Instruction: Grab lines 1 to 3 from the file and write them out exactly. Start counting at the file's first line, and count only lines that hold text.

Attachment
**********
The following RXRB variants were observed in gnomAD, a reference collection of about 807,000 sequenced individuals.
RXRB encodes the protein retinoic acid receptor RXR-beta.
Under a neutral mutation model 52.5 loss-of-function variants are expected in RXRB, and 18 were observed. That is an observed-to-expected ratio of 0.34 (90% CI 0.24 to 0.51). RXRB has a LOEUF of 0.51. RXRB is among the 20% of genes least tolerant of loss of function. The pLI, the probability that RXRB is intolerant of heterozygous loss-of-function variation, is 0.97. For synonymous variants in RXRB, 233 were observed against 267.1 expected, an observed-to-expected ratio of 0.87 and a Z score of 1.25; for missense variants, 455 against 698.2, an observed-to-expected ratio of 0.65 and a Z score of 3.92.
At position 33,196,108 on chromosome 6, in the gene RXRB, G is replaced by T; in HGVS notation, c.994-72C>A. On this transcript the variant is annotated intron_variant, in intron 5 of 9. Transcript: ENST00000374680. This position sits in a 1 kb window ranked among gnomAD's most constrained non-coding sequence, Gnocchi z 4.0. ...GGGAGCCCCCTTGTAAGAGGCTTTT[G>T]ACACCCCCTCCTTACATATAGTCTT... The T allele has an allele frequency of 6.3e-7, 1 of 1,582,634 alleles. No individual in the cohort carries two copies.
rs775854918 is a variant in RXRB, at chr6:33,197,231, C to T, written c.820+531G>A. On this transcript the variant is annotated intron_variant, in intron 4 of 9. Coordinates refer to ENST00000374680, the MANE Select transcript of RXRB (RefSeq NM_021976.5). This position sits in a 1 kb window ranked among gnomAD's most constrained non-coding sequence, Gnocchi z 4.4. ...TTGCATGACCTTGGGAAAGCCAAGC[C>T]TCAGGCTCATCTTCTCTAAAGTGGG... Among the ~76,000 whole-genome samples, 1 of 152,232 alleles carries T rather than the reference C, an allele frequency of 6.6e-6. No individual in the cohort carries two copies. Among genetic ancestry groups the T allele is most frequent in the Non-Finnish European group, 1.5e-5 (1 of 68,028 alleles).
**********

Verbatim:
The following RXRB variants were observed in gnomAD, a reference collection of about 807,000 sequenced individuals.
RXRB encodes the protein retinoic acid receptor RXR-beta.
Under a neutral mutation model 52.5 loss-of-function variants are expected in RXRB, and 18 were observed. That is an observed-to-expected ratio of 0.34 (90% CI 0.24 to 0.51). RXRB has a LOEUF of 0.51. RXRB is among the 20% of genes least tolerant of loss of function. The pLI, the probability that RXRB is intolerant of heterozygous loss-of-function variation, is 0.97. For synonymous variants in RXRB, 233 were observed against 267.1 expected, an observed-to-expected ratio of 0.87 and a Z score of 1.25; for missense variants, 455 against 698.2, an observed-to-expected ratio of 0.65 and a Z score of 3.92.